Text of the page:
As part of HHS ongoing Collections Care initiative, consulting curator Dr. Kimberly Alexander and Collections Intern Ariel Myers recently examined a quilt from North Haverhill. Dating to about 1928, it is an autograph quilt from the Pink Granite Grange, founded in 1894.

Despite the fact that some portions are damaged, it is nonetheless a significant reminder of local gatherings and pride in achievement. It features the "autographs" of both men and women and couples. (A list of names is available in the HHS.) Centrally located within a square of pink and red cherries, is the inscription seen in the image at right. The quilt reveals who pieced the quilt and who wrote the autographs for participants. Further, there are welcomes and greetings from the several committees including the Agriculture Committee. While the layout of the squares is deceptively simple, the use of visually strong printed cotton patterns of the 1920s is what makes the quilt so visually compelling. The graphic strength of the black and white prints juxtaposed with the pale lavenders, pinks, and blues harmonize to create an attractive whole.

Several other quilts, including a "crazy quilt" survive in the HHS collection and will be the subject of future posts.

If you are interested in contemporary quilts, don't forget to visit the North Haverhill Fair and the Stoddard Building for excellent examples by 4H youth this week.

Monday, July 23, 2012

Recent Donation

Reprint: The Address of Abraham Lincoln, delivered at Gettysburg Cemetery, 1920 

The copy of an address from Abraham Lincoln was a recent donation to the Haverhill Historical Society of New Hampshire from Peter Keyes, Vice President of the organization.

Delivered by Mr. Keyes at the consecration of the national cemetery at Gettysburg, Pennsylvania on February 14th, 1920, the document contains a quote from the Lincoln regarding dedicating a portion of the battle field at Gettysburg as a memorial and a grave to the brave soldiers who fought there during the Civil War.

We thank Peter Keyes for his especially timely donation as we commemorate the 150th anniversary of the Civil War.

Ariel Myers, Collections Intern

Monday, July 9, 2012

A Day at the Museum

As part of the HHS collections care initiative, Kimberly Alexander, Ph.D., UNH, and intern Ariel Myers, PSU, will periodically share items of interest to the members and the public that have caught their attention. A sampling from 8 July 2012:

A wooden boot form, c. mid-late 19th century. Gift of John Page.

"Spasmodic" early alarm clock, 1889. Patented and made by Doe Brothers of Woodsville and Newbury. Still works!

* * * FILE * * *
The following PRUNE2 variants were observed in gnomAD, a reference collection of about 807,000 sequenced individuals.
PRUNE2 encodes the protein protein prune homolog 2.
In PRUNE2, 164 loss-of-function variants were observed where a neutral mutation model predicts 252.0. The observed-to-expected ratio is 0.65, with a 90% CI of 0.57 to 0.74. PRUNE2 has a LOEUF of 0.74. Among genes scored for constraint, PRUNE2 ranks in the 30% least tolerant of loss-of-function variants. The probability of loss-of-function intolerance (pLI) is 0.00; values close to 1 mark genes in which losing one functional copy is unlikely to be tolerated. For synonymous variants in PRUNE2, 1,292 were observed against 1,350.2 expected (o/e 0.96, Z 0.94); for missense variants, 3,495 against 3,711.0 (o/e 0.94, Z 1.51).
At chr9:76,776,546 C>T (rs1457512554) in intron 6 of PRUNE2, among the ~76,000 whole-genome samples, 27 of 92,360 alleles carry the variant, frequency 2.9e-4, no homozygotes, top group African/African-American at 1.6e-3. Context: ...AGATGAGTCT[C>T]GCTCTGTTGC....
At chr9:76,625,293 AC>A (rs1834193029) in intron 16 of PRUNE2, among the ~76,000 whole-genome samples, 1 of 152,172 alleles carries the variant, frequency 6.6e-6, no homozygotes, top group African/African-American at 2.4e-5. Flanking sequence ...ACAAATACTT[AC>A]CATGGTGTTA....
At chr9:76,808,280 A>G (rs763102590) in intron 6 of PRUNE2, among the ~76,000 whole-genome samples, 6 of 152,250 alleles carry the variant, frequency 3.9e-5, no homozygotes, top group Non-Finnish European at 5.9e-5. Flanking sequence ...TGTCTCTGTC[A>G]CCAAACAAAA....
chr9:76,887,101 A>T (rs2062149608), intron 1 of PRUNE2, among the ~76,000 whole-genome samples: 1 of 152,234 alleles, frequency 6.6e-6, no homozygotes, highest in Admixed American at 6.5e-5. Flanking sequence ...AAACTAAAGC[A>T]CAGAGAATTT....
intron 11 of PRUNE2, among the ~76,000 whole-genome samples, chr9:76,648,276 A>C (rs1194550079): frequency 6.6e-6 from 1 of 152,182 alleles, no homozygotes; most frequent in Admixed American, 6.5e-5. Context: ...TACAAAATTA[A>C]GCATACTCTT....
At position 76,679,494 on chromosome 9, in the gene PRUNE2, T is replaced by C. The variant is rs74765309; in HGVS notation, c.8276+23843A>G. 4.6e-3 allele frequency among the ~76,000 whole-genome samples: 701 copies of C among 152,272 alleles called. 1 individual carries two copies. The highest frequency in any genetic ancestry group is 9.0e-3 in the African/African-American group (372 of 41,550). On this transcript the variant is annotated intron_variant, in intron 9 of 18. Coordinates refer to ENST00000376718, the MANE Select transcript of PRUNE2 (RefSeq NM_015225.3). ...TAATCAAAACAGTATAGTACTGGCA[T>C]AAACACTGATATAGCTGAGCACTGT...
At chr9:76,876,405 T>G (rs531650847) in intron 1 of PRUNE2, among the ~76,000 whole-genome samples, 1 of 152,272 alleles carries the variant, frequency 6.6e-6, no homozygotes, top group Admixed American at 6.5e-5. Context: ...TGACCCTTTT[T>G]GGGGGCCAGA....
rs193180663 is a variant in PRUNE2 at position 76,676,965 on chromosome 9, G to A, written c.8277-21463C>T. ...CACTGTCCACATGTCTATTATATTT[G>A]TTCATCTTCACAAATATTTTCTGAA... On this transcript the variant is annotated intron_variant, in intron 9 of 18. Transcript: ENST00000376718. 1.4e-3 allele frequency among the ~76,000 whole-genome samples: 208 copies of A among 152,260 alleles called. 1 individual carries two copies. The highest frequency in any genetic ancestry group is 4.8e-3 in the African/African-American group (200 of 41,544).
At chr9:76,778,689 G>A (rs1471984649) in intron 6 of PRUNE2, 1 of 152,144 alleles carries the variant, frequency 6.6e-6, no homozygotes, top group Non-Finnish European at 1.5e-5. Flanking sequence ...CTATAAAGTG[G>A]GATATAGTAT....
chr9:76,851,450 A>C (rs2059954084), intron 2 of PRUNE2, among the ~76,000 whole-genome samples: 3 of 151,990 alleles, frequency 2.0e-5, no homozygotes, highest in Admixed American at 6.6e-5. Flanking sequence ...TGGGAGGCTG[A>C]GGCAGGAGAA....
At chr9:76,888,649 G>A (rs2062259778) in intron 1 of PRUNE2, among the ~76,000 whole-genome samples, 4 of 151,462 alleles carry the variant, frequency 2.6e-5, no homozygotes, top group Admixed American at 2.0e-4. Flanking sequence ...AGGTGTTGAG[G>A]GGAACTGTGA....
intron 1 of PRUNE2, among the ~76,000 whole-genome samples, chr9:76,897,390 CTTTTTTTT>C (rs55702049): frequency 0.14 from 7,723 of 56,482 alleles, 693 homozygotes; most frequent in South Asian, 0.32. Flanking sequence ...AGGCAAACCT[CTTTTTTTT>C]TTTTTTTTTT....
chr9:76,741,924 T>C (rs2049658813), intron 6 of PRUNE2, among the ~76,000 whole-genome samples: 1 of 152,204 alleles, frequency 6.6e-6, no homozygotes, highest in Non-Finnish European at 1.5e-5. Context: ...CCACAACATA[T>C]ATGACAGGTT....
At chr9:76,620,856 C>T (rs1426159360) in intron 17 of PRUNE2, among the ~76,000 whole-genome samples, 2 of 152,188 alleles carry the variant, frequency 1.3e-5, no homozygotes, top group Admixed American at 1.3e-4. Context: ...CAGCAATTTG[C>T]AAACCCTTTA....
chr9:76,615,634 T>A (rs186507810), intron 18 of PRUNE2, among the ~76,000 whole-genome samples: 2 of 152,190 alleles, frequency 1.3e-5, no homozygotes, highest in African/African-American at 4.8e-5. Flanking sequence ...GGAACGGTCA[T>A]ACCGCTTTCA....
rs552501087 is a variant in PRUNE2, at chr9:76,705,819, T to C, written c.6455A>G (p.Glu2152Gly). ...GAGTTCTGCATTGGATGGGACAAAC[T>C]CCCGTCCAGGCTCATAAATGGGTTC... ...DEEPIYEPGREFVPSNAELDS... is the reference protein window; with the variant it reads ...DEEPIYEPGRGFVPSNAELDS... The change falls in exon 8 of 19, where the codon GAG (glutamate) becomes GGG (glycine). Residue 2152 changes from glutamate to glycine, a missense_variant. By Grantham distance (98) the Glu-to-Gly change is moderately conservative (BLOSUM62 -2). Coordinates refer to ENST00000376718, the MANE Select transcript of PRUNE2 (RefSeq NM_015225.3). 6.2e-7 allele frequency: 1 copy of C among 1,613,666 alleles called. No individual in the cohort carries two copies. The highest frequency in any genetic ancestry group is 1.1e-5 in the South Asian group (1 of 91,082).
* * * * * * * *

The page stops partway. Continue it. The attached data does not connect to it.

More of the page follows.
Detail, license to sell "merchandise, wines and spirits" granted to Thomas Morse and signed by John Montgomery and Ezra Bartlett, 1814.

Monday, June 25, 2012

New Hampshire on Skis

New England Ski Museum
The Society will present a talk by E. John B. Allen on "New Hampshire on Skis" on Tuesday, July 17 at 7:00 PM. The program will be held at the Ladd Street School and will be free and open to the public.

Allen is Professor of History, Emeritus at Plymouth State University; Historian of the New England Ski Museum in Franconia; and author of several books, including From Skisport to Skiing: One Hundred Years of an American Sport 1840–1940 and The Culture and Sport of Skiing: From Antiquity to World War II. His most recent book, published last year, is Historical Dictionary of Skiing.

New England Ski Museum
Professor Allen’s illustrated lecture traces the key role that New Hampshire played in the development and popularization of skiing in America. In the 1930s, the state led the country in ski activity, inspired in part by Dartmouth College’s Outing Club and Winter Carnival. Prior to World War II, Germans and Austrians–some fleeing Nazi persecution–found the White Mountains to be suitable terrain for the downhill skiing styles of their homelands.

Innovations such as the Cannon Mountain Tram helped make the sport even more accessible, and after World War II, development of ski areas expanded greatly. Allen will trace the development of the industry from its European-inflected roots to today’s resorts that offer a variety of winter activities.

Professor Allen’s lecture is made possible by a grant from the New Hampshire Humanities Council.

Monday, June 18, 2012

Object of the Month: Portable Civil War Writing Desk

Reposted from Zephyrs10:

By Kimberly Alexander and Ariel Myers

This portable desk was used in the Civil War by a native of Haverhill, Capt. Jacob Leroy Bell (1839-1916), who enlisted as a private in the 11th NH Volunteers in 1862 at age 22. Two years later he advanced to the rank of Captain.

Family tradition holds that the desk was made for him by the men in his Company and that it was used to hold Company records. After seeing service at Spottsylvania, Cold Harbor, and Petersburg, Captain Bell retired to Haverhill and kept store at his family home, the Montgomery House at Oliverian Brook. (See earlier posts on the General Montgomery home and Store.) The desk descended in the family and was returned to Haverhill by Capt. Bell's grand-niece, Winifred Merrill Howard of Hartford, CT in 1960.

Upon recent inspection, the desk was found to be in very good condition, and despite its portable nature, shows little signs of wear.The front of the desk opens to reveal a series of drawers and dividers. Two confederate bills were also found within the desk.While the painting on the front of the desk is unsigned, it is possible to speculate that the work was completed by one of the members of his company. It depicts soldiers and a watchtower in a cleared field.

The writing desk is on view at the Haverhill Historical Society Museum, Court Street, as part of commemoration of the 150th anniversary of the Civil War.

1837 Henry Page Ledger Returns to Haverhill

Reposted from Zephyrs10: